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MapMaker FAQ by Mallys

Updated: 08/19/2004

Timesplitters 2 (GCN)
MapMaker FAQ
Cayene of Doma

I. Introduction

II. Version History

III. Legal Jargon

IV. The Tiles

V. The Items

VI. Lighting

VII. Story Enemies

VIII. Game Logic

IX. The Options Menu

X. Frequently Asked Questions

XI. Tutorials

XII. Conclusion

                            Section I. Introduction

After looking over the message boards for a while, they were a growing number 
of questions regarding the MapMaker. I happened to be somewhat proficient in 
using the tool, so I've decided to spread my knowledge to others with this 

                          Section II. Version History

Version 1.0
-All tiles listed.
-All items listed.
-Lighting section added.
-Story Enemies section added.
-Game Logic section added.
-Options Menu section added.

Version 1.1
-Modified Legal Jargon section.
-Modified Conclusion.
-Added descriptions for Keys.

Version 1.2
-Added tile memory consumption.

Version 1.3
-Added the Frequently Asked Questions section.

Version 1.4
-Added how-to's for doors and windows.

Version 2.0
-Brand new format!
-Added Tutorials section.
-Removed memory consumption for tiles.

Version 2.0 Part II
-Changed my email address. Go GMail!
-Removed defunct sites from the allowed list.

                           Section III. Legal Jargon

Copyright 2003- Joel Barnett a.k.a. Cayene of Doma

This guide is only available at the following sites:
-GameFAQs (www.gamefaqs.com)
-The Timesplitters 2 Network (www.timesplitters2.net)
-Timesplitters 2 Planet (www.ts2planet.vze.com)
-Cheats.de (www.cheats.de)
-NeoSeeker (www.neoseeker.com)
-GameNotOver (www.gamenotover.com)
-IGN (faqs.ign.com)

If you see this guide posted anywhere else. (Use the GameFAQs host for most 
accurate listing), please tell me about it and where it's being hosted.

If you post this guide without my expressed written consent, I will do the 
following: First, I will send you one notice. This will inform you of the 
transgression, and you'll have 48 hours to remove the guide from your site. If 
it's still up, things could get complicated.

If you'd like to host my guide, just email me and ask me. 99 times out of 100, 
I'll say yes. I do require that you get permission from me of course. If I 
allow it, I'll send you an updated version of the FAQ with your site as 

All trademarks and copyrights contained in this document are owned by their 
respective trademark and copyright holders.

                             Section IV. The Tiles

Tiles, the basic necessity of any map you make. Without them, you don't have a 
map. There are thirty different tiles, and each has its own characteristics and 

When connecting tiles, keep this in mind: Tiles will connect only when the 
right connectors match up. The long blue edges must align with other blue 
edges, and red ends must connect with red ends. Red ends cannot connect with 
blue edges.

In the MapMaker's beginner mode, you'll only have access to the following tile 
numbers: 1, 2, 3, 4, 5, 6, 8, 13, 14, 16, and 17. As you'll notice, these are 
tiles that only span a single floor.

Tile 1- Single Corridor
Floor span: 1
Dimensions: 1x1
Red Connectors: Two on sides opposite one another.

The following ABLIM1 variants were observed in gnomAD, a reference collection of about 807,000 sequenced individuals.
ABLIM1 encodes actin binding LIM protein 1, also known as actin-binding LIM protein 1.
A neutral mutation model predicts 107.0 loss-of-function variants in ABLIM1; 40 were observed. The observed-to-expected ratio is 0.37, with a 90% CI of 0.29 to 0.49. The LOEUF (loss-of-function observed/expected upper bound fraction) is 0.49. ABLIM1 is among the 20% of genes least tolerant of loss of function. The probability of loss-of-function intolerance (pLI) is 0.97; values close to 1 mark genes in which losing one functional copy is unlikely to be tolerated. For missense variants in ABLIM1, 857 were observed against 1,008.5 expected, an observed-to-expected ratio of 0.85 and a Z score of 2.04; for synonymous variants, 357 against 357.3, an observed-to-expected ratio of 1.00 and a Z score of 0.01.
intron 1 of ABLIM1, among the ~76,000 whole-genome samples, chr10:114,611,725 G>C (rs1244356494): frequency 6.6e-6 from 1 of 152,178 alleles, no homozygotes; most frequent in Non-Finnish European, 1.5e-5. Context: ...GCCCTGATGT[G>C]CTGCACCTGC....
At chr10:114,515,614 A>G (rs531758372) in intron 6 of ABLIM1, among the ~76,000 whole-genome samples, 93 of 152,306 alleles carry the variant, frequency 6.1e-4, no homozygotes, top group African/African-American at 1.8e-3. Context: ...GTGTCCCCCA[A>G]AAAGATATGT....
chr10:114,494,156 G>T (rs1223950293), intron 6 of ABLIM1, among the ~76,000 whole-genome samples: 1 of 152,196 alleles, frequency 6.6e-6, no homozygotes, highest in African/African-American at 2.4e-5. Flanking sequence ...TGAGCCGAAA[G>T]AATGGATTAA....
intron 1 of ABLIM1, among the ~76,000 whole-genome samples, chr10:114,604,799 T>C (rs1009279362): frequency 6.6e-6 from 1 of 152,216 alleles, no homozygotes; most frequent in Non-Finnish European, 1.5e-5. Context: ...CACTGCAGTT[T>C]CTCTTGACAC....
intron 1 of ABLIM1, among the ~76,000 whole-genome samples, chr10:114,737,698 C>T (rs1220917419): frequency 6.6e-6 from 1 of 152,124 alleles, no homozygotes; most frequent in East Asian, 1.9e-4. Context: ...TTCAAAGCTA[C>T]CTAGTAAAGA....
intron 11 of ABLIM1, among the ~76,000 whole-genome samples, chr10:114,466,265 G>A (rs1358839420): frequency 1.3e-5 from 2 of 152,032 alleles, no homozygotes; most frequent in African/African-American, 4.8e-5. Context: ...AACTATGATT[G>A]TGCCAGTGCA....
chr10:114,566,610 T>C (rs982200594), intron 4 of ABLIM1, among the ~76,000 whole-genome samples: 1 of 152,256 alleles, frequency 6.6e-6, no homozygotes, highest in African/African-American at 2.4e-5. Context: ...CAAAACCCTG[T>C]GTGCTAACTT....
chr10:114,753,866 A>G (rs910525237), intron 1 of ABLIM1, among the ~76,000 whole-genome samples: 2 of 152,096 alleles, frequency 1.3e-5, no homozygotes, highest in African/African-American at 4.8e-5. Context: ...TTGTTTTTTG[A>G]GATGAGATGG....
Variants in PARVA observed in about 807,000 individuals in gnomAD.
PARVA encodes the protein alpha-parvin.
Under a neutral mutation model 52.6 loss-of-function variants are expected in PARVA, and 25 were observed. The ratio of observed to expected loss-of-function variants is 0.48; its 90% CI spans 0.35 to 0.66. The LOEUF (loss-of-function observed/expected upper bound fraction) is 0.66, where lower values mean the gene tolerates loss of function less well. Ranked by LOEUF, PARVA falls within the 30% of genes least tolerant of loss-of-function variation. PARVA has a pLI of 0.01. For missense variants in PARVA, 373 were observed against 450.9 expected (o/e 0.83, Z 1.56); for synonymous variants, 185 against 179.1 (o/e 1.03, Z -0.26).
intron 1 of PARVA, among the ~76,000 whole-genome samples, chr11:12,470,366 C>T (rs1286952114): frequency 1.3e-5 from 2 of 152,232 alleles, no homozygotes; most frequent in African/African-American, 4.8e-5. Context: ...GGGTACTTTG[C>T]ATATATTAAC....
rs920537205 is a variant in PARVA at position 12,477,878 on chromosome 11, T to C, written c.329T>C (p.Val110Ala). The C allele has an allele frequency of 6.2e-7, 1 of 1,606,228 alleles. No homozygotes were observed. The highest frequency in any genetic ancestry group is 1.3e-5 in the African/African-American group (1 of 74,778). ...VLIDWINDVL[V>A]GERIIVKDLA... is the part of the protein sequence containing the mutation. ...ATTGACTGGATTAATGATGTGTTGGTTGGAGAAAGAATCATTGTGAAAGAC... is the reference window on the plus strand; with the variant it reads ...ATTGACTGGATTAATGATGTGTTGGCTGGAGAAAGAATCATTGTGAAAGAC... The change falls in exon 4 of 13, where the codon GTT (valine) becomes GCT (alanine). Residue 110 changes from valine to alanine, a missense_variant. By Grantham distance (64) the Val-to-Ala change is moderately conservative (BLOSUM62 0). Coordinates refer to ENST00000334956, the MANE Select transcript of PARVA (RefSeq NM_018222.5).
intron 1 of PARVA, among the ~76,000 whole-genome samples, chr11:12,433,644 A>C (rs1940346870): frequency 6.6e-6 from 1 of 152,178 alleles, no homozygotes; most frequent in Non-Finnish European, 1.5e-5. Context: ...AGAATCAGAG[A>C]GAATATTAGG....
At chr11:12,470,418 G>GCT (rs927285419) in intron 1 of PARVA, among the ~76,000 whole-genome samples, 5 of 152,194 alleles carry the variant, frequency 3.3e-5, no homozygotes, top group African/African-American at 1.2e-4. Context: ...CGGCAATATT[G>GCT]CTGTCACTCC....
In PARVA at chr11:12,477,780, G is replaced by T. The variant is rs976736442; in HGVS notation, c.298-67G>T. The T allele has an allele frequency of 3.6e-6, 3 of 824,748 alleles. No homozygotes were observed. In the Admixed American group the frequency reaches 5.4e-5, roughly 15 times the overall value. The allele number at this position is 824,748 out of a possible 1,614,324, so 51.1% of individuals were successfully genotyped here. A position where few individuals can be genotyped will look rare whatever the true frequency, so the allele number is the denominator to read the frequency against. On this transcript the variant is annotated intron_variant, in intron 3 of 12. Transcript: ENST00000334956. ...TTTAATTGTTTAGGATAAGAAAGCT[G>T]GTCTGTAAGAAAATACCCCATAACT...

Blue Edges: None
Notable Features: None

Tile 2- Small Open
Floor Span: 1
Dimensions: 1x1
Red Connectors: One on each side.
Blue Edges: None
Notable Features: Connecting these to form small rooms creates pillars at the 

Tile 3- Corner
Floor Span: 1
Dimensions: 1x1
Red Connectors: Two on adjacent sides.
Blue Edges: None
Notable Features: Corners with these tiles have a curved look to them.

Tile 4- Small T Junction
Floor Span: 1
Dimensions: 1x1
Red Connectors: One on each of three sides.
Blue Edges: None
Notable Features: A very versatile and often-used tile. Uses noticeably less 
   memory than other tiles it can e used in place of.

Tile 5- Double Corridor
Floor Span: 1
Dimensions: 2x1
Red Connectors: One on each of the short sides.
Blue Edges: None
Notable Features: It's basically two (1)'s stuck together.

Tile 6- T Junction
Floor Span: 1
Dimensions: 2x3
Red Connectors: One on each of the three extensions.
Blue Edges: None
Notable Features: This is essentially a larger version of (4).

Tile 7- Ramp
Floor Span: 2
Dimensions: 2x1
Red Connectors: Two. One on one end of the bottom level; the other at the 
   opposite end of the top level.
Blue Edges: None
Notable Features: It's basically a ramp that connects one floor to the one 
   immediately above or below it.

Tile 8- Small Room
Floor Span: 1
Dimensions: 2x2
Red Connectors: One on each side; rotating the tile will not change connectors' 
Blue Edges: None
Notable Features: It's a small room with four exits. One with reverse 
orientation can be made with 4 (4)'s.

Tile 9- Stair Room
Floor Span: 2
Dimensions: 2x2
Red Connectors: Two on each floor on adjacent sides. Upper level doors are 
   directly above the lower level doors.
Blue Edges: None
Notable Features: It's a room with a ramp to connect floors. Similar to the 
   Facility's ramp, but with reverse orientation.

Tile 10- Core
Floor Span: 4
Dimensions: 2x2
Red Connectors: One on each side on each floor, all in the same orientation.
Blue Edges: None
Notable Features: It's a really tall, open, chute of sorts. A unique piece, it 
   has several maps built around it.

Tile 11- Double Height Room
Floor Span: 2
Dimensions: 2x2
Red Connectors: Two on each floor above each other. They're located on adjacent 
   sides, far away from each other.